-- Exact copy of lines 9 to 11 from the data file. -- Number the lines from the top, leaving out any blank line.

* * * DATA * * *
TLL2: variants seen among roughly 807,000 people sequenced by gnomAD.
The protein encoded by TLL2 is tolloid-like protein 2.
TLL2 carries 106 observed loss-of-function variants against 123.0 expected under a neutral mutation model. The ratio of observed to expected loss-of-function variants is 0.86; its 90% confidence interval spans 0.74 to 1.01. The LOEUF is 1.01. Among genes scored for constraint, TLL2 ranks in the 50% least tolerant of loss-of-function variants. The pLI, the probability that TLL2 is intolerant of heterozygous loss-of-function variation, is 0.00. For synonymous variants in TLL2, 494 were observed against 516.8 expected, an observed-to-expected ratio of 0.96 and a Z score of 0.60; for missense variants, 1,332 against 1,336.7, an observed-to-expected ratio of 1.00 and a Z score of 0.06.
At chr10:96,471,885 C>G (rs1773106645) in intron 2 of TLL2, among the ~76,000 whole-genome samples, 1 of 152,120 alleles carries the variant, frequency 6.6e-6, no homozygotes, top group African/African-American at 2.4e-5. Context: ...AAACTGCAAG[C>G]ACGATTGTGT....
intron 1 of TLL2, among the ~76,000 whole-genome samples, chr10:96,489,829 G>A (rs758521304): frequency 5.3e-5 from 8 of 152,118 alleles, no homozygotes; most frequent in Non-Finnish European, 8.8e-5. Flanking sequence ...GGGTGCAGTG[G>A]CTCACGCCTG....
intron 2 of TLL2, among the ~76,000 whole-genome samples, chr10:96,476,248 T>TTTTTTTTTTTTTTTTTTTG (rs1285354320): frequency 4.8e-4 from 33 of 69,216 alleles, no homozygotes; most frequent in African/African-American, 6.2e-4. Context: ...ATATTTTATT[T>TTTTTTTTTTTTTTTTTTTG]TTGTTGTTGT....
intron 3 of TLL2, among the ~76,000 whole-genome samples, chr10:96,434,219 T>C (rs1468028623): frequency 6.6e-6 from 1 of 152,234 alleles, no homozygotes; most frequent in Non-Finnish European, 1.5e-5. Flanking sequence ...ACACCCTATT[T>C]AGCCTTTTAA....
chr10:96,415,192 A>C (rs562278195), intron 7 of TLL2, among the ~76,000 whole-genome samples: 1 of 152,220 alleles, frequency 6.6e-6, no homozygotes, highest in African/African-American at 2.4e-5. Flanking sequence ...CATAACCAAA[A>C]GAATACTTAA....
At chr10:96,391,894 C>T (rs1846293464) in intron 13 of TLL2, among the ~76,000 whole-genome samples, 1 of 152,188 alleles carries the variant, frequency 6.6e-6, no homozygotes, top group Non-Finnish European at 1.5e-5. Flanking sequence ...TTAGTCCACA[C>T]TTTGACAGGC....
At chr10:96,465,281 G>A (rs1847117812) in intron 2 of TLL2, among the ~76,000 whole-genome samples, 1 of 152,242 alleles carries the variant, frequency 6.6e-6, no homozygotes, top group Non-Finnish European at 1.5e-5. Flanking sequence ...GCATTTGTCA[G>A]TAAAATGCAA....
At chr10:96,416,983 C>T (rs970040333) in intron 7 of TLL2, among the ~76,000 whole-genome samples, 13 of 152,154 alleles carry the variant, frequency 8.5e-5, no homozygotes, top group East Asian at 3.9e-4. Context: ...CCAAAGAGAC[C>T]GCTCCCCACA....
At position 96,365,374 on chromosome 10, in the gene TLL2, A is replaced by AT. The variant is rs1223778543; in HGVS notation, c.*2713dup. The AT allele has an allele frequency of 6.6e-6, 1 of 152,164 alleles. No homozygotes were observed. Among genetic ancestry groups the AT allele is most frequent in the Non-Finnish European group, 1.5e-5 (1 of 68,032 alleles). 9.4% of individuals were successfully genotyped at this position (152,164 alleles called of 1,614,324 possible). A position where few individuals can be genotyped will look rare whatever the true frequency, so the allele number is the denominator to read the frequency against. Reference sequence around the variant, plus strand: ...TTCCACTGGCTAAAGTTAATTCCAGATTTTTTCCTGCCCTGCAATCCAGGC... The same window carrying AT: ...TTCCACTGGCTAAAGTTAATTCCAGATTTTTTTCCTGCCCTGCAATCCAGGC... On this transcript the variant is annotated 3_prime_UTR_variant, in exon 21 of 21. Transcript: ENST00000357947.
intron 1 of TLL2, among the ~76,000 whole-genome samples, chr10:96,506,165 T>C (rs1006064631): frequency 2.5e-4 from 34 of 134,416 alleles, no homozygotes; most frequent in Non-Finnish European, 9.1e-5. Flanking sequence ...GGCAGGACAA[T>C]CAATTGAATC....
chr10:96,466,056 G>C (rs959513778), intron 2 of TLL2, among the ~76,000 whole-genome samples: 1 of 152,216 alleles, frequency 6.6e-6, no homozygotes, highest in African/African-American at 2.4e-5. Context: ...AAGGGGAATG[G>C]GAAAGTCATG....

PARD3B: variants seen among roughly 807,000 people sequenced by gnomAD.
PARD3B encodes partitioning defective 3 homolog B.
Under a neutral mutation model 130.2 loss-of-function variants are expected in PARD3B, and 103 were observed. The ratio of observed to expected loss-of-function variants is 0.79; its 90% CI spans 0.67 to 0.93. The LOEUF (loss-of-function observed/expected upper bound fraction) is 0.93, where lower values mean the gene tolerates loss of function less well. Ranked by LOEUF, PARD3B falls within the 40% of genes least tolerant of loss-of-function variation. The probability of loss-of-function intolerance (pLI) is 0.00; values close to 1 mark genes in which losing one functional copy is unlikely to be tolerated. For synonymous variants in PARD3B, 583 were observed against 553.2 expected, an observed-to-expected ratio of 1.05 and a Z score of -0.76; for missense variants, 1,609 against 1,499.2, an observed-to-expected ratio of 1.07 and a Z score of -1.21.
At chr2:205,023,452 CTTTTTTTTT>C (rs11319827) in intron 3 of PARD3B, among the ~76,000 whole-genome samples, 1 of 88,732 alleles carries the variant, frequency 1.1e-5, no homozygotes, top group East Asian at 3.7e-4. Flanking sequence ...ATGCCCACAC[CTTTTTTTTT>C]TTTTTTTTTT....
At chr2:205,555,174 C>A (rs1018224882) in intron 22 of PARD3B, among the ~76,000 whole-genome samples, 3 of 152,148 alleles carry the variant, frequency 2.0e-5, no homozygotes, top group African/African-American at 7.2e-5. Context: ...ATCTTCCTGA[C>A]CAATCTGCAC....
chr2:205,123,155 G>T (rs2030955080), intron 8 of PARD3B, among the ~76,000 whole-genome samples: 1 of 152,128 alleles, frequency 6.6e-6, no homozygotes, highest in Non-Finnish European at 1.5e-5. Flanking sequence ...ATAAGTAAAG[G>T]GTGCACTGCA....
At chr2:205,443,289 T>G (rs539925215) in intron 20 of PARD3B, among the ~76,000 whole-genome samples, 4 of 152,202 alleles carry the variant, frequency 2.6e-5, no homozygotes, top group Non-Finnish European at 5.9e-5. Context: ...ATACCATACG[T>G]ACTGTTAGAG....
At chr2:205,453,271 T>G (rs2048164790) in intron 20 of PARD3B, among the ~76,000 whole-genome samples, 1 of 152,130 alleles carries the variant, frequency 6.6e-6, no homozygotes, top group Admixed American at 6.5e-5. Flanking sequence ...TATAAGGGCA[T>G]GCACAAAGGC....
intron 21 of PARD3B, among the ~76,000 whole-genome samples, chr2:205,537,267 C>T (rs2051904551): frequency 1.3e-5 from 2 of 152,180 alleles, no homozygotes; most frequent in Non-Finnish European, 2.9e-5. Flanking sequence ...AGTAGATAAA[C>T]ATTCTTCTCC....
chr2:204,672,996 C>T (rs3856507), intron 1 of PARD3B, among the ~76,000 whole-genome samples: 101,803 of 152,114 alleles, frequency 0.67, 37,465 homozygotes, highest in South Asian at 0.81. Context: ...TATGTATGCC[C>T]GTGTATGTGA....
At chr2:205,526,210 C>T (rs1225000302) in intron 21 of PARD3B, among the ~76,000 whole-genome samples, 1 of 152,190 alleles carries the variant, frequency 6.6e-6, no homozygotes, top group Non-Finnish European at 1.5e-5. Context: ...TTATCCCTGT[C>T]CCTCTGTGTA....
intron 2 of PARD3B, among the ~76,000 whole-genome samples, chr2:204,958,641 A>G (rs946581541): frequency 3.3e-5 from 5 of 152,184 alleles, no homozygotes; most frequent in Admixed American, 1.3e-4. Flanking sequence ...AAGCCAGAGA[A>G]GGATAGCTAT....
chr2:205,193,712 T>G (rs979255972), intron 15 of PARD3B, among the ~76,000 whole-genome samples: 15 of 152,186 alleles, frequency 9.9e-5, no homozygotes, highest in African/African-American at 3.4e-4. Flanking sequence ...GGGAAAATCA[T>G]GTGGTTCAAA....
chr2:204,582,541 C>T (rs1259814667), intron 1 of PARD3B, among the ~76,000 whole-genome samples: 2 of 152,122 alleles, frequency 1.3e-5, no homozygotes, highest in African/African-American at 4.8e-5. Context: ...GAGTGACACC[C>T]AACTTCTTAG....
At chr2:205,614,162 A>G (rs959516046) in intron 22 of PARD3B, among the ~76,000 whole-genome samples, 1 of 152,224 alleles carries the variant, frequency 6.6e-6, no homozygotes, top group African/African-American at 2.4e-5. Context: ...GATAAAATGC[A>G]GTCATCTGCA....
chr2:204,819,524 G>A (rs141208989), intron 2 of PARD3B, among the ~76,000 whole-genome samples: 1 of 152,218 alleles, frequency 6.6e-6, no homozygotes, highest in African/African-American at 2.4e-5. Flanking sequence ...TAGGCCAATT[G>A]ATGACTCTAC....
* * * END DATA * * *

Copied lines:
At chr10:96,391,894 C>T (rs1846293464) in intron 13 of TLL2, among the ~76,000 whole-genome samples, 1 of 152,188 alleles carries the variant, frequency 6.6e-6, no homozygotes, top group Non-Finnish European at 1.5e-5. Flanking sequence ...TTAGTCCACA[C>T]TTTGACAGGC....
At chr10:96,465,281 G>A (rs1847117812) in intron 2 of TLL2, among the ~76,000 whole-genome samples, 1 of 152,242 alleles carries the variant, frequency 6.6e-6, no homozygotes, top group Non-Finnish European at 1.5e-5. Flanking sequence ...GCATTTGTCA[G>A]TAAAATGCAA....
At chr10:96,416,983 C>T (rs970040333) in intron 7 of TLL2, among the ~76,000 whole-genome samples, 13 of 152,154 alleles carry the variant, frequency 8.5e-5, no homozygotes, top group East Asian at 3.9e-4. Context: ...CCAAAGAGAC[C>T]GCTCCCCACA....